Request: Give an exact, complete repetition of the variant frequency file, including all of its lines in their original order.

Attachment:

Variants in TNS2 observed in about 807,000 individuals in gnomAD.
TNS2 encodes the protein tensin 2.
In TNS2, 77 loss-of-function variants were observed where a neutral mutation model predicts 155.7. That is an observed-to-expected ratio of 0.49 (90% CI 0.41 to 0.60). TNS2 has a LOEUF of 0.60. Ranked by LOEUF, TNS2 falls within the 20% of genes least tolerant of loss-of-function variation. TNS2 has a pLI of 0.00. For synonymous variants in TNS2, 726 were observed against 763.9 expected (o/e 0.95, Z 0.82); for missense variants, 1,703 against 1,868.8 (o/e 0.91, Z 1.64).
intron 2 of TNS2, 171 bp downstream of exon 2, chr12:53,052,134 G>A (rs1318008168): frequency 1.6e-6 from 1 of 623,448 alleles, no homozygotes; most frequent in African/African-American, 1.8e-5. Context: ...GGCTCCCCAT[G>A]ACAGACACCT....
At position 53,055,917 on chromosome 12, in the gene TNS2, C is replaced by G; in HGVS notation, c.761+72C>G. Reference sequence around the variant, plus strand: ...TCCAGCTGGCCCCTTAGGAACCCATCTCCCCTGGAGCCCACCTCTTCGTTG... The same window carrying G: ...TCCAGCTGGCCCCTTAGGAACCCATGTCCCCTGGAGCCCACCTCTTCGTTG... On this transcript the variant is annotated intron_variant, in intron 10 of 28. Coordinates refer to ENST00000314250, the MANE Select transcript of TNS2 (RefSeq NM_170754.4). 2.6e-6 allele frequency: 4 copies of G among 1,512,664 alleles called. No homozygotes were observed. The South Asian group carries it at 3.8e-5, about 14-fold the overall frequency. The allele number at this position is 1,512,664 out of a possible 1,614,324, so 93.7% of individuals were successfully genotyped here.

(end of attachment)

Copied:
Variants in TNS2 observed in about 807,000 individuals in gnomAD.
TNS2 encodes the protein tensin 2.
In TNS2, 77 loss-of-function variants were observed where a neutral mutation model predicts 155.7. That is an observed-to-expected ratio of 0.49 (90% CI 0.41 to 0.60). TNS2 has a LOEUF of 0.60. Ranked by LOEUF, TNS2 falls within the 20% of genes least tolerant of loss-of-function variation. TNS2 has a pLI of 0.00. For synonymous variants in TNS2, 726 were observed against 763.9 expected (o/e 0.95, Z 0.82); for missense variants, 1,703 against 1,868.8 (o/e 0.91, Z 1.64).
intron 2 of TNS2, 171 bp downstream of exon 2, chr12:53,052,134 G>A (rs1318008168): frequency 1.6e-6 from 1 of 623,448 alleles, no homozygotes; most frequent in African/African-American, 1.8e-5. Context: ...GGCTCCCCAT[G>A]ACAGACACCT....
At position 53,055,917 on chromosome 12, in the gene TNS2, C is replaced by G; in HGVS notation, c.761+72C>G. Reference sequence around the variant, plus strand: ...TCCAGCTGGCCCCTTAGGAACCCATCTCCCCTGGAGCCCACCTCTTCGTTG... The same window carrying G: ...TCCAGCTGGCCCCTTAGGAACCCATGTCCCCTGGAGCCCACCTCTTCGTTG... On this transcript the variant is annotated intron_variant, in intron 10 of 28. Coordinates refer to ENST00000314250, the MANE Select transcript of TNS2 (RefSeq NM_170754.4). 2.6e-6 allele frequency: 4 copies of G among 1,512,664 alleles called. No homozygotes were observed. The South Asian group carries it at 3.8e-5, about 14-fold the overall frequency. The allele number at this position is 1,512,664 out of a possible 1,614,324, so 93.7% of individuals were successfully genotyped here.